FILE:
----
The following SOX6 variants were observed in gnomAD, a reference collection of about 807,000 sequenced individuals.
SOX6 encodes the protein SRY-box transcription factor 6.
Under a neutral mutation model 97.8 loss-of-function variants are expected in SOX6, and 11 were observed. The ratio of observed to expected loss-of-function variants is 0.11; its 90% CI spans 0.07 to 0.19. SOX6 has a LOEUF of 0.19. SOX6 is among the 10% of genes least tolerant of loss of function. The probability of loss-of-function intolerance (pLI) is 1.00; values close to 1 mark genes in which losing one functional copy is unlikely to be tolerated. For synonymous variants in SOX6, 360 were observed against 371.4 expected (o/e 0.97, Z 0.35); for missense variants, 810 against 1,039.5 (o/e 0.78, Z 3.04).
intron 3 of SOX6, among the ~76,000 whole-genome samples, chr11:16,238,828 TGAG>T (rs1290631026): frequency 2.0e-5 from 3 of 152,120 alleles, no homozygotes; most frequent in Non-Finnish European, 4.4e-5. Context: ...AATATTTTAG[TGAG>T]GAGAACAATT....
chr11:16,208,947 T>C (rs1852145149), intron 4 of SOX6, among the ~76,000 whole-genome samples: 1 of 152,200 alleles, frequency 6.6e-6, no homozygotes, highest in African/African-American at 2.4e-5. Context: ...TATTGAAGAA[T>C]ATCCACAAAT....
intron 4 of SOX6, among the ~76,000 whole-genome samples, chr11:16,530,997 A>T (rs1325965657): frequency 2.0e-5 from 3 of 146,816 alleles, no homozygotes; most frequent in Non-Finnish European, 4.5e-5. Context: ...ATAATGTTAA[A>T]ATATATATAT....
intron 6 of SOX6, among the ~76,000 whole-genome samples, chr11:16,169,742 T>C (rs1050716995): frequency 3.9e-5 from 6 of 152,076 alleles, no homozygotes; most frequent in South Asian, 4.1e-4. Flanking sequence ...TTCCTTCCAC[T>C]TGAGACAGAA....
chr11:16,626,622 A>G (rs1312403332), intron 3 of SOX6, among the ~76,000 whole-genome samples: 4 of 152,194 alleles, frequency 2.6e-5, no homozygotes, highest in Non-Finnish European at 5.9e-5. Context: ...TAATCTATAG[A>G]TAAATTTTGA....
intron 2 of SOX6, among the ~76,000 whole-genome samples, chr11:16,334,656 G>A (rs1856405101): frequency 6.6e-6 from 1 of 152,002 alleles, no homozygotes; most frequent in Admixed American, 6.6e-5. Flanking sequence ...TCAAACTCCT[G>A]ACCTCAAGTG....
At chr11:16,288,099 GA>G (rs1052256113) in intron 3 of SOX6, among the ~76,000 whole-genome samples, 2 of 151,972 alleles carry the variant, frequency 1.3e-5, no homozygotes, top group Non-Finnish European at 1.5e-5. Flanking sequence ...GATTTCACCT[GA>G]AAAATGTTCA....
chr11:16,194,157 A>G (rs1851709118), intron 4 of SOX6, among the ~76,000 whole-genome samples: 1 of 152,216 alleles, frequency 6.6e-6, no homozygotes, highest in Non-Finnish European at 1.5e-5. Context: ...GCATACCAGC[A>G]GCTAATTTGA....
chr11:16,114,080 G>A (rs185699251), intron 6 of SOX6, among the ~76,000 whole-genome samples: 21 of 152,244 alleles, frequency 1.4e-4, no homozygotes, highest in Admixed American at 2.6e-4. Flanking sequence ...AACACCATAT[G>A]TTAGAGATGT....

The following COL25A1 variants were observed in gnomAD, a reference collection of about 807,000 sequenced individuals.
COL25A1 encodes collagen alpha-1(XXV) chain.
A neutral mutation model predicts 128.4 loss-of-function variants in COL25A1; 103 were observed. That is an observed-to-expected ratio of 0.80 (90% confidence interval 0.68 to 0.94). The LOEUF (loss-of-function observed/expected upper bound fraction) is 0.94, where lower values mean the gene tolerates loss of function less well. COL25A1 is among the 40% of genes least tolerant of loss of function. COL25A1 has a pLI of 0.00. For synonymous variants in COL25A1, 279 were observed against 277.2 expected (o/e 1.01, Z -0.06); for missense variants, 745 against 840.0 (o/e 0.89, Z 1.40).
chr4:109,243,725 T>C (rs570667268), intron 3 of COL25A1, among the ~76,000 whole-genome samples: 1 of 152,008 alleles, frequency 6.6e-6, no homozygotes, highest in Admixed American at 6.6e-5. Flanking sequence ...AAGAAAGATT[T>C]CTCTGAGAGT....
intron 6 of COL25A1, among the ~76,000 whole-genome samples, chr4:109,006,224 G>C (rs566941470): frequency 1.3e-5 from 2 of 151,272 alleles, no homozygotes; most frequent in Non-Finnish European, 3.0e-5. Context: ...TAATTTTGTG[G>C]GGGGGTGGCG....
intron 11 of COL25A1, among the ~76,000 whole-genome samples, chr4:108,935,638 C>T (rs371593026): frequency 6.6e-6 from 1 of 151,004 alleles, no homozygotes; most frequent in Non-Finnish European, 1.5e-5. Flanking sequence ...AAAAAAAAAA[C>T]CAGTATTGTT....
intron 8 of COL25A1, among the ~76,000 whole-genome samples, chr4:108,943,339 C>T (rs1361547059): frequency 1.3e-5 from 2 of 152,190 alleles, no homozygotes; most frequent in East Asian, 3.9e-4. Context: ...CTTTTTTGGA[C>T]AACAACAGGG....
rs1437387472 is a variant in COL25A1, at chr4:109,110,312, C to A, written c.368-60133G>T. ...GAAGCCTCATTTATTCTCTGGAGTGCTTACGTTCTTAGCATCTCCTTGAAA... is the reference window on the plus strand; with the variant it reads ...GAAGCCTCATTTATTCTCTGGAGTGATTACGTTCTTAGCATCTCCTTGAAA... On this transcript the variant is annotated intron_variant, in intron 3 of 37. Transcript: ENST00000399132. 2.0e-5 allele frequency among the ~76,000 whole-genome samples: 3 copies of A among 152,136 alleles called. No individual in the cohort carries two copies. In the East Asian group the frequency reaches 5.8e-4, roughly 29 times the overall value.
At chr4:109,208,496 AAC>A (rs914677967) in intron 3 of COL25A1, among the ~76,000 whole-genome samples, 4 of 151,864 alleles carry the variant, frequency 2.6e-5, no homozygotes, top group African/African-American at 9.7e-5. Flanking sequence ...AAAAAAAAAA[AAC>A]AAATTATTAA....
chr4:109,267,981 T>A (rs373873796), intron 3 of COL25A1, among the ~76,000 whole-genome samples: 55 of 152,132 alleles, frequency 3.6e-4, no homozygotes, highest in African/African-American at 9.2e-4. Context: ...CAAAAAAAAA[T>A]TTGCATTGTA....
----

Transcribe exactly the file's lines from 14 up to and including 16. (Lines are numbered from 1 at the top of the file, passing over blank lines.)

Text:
COL25A1 encodes collagen alpha-1(XXV) chain.
A neutral mutation model predicts 128.4 loss-of-function variants in COL25A1; 103 were observed. That is an observed-to-expected ratio of 0.80 (90% confidence interval 0.68 to 0.94). The LOEUF (loss-of-function observed/expected upper bound fraction) is 0.94, where lower values mean the gene tolerates loss of function less well. COL25A1 is among the 40% of genes least tolerant of loss of function. COL25A1 has a pLI of 0.00. For synonymous variants in COL25A1, 279 were observed against 277.2 expected (o/e 1.01, Z -0.06); for missense variants, 745 against 840.0 (o/e 0.89, Z 1.40).
chr4:109,243,725 T>C (rs570667268), intron 3 of COL25A1, among the ~76,000 whole-genome samples: 1 of 152,008 alleles, frequency 6.6e-6, no homozygotes, highest in Admixed American at 6.6e-5. Flanking sequence ...AAGAAAGATT[T>C]CTCTGAGAGT....